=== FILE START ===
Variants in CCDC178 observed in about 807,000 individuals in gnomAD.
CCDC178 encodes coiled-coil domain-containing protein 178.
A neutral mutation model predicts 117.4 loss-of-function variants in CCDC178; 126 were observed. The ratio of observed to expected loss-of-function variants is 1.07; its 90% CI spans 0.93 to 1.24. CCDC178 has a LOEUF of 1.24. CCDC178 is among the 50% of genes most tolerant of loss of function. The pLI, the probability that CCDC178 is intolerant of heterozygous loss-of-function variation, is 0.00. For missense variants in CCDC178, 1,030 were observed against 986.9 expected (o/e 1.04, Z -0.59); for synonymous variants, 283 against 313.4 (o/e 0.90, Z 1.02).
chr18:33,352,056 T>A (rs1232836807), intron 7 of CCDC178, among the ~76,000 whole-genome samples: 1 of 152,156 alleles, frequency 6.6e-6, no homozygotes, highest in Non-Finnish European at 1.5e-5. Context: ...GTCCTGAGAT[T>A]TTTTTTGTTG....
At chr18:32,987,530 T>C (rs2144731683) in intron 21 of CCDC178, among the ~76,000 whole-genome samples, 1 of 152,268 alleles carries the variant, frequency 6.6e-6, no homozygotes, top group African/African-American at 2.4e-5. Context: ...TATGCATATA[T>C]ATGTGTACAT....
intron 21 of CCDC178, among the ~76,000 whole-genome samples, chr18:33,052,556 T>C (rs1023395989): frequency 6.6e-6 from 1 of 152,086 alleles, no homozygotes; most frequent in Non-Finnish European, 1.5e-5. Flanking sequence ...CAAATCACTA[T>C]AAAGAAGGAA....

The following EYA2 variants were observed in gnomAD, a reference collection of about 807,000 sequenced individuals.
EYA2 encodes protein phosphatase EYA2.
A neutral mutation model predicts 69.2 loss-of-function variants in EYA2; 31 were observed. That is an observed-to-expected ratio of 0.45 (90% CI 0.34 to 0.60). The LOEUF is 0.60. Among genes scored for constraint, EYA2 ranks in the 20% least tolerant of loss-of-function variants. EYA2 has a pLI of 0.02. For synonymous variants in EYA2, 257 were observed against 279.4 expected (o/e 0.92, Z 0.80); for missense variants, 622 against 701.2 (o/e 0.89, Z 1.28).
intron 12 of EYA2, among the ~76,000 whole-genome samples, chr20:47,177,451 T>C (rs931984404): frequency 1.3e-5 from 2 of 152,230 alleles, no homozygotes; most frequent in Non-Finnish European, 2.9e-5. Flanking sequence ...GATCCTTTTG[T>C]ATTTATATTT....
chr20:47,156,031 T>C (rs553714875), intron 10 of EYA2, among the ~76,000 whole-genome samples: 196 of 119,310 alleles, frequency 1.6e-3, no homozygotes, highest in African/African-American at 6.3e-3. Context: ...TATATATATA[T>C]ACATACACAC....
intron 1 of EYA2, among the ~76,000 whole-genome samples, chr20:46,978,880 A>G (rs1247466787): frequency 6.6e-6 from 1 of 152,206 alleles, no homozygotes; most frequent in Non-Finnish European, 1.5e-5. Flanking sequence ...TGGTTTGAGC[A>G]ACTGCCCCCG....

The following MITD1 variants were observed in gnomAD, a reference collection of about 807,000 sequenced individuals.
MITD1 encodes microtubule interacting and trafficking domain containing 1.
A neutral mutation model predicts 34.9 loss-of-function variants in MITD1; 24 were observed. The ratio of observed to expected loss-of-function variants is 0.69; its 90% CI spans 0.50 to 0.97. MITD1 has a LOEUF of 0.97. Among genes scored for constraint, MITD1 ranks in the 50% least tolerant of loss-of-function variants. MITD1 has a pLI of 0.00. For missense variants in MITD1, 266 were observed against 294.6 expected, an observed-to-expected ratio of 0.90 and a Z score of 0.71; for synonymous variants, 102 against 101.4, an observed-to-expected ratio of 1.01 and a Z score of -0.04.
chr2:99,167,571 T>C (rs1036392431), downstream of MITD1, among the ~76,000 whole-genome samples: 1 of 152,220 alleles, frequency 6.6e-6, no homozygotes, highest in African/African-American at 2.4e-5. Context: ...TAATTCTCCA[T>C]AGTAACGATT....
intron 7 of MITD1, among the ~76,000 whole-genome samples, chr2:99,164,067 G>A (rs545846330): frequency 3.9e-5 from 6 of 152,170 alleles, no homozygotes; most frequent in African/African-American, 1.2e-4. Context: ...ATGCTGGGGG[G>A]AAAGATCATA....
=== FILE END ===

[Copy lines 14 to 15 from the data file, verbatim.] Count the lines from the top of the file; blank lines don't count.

MITD1 encodes microtubule interacting and trafficking domain containing 1.
A neutral mutation model predicts 34.9 loss-of-function variants in MITD1; 24 were observed. The ratio of observed to expected loss-of-function variants is 0.69; its 90% CI spans 0.50 to 0.97. MITD1 has a LOEUF of 0.97. Among genes scored for constraint, MITD1 ranks in the 50% least tolerant of loss-of-function variants. MITD1 has a pLI of 0.00. For missense variants in MITD1, 266 were observed against 294.6 expected, an observed-to-expected ratio of 0.90 and a Z score of 0.71; for synonymous variants, 102 against 101.4, an observed-to-expected ratio of 1.01 and a Z score of -0.04.